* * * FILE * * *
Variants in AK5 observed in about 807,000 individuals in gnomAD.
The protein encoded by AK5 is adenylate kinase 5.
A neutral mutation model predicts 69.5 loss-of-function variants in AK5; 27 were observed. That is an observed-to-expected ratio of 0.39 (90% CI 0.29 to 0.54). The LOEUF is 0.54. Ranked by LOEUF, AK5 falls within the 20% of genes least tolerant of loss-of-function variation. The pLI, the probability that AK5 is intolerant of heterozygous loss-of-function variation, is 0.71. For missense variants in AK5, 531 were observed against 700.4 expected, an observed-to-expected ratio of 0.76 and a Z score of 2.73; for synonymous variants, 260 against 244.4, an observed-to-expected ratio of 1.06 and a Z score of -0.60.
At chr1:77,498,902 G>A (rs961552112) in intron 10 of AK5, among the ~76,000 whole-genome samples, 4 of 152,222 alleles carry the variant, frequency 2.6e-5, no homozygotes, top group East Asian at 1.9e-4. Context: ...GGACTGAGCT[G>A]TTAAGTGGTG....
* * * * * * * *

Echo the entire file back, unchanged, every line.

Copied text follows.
Variants in AK5 observed in about 807,000 individuals in gnomAD.
The protein encoded by AK5 is adenylate kinase 5.
A neutral mutation model predicts 69.5 loss-of-function variants in AK5; 27 were observed. That is an observed-to-expected ratio of 0.39 (90% CI 0.29 to 0.54). The LOEUF is 0.54. Ranked by LOEUF, AK5 falls within the 20% of genes least tolerant of loss-of-function variation. The pLI, the probability that AK5 is intolerant of heterozygous loss-of-function variation, is 0.71. For missense variants in AK5, 531 were observed against 700.4 expected, an observed-to-expected ratio of 0.76 and a Z score of 2.73; for synonymous variants, 260 against 244.4, an observed-to-expected ratio of 1.06 and a Z score of -0.60.
At chr1:77,498,902 G>A (rs961552112) in intron 10 of AK5, among the ~76,000 whole-genome samples, 4 of 152,222 alleles carry the variant, frequency 2.6e-5, no homozygotes, top group East Asian at 1.9e-4. Context: ...GGACTGAGCT[G>A]TTAAGTGGTG....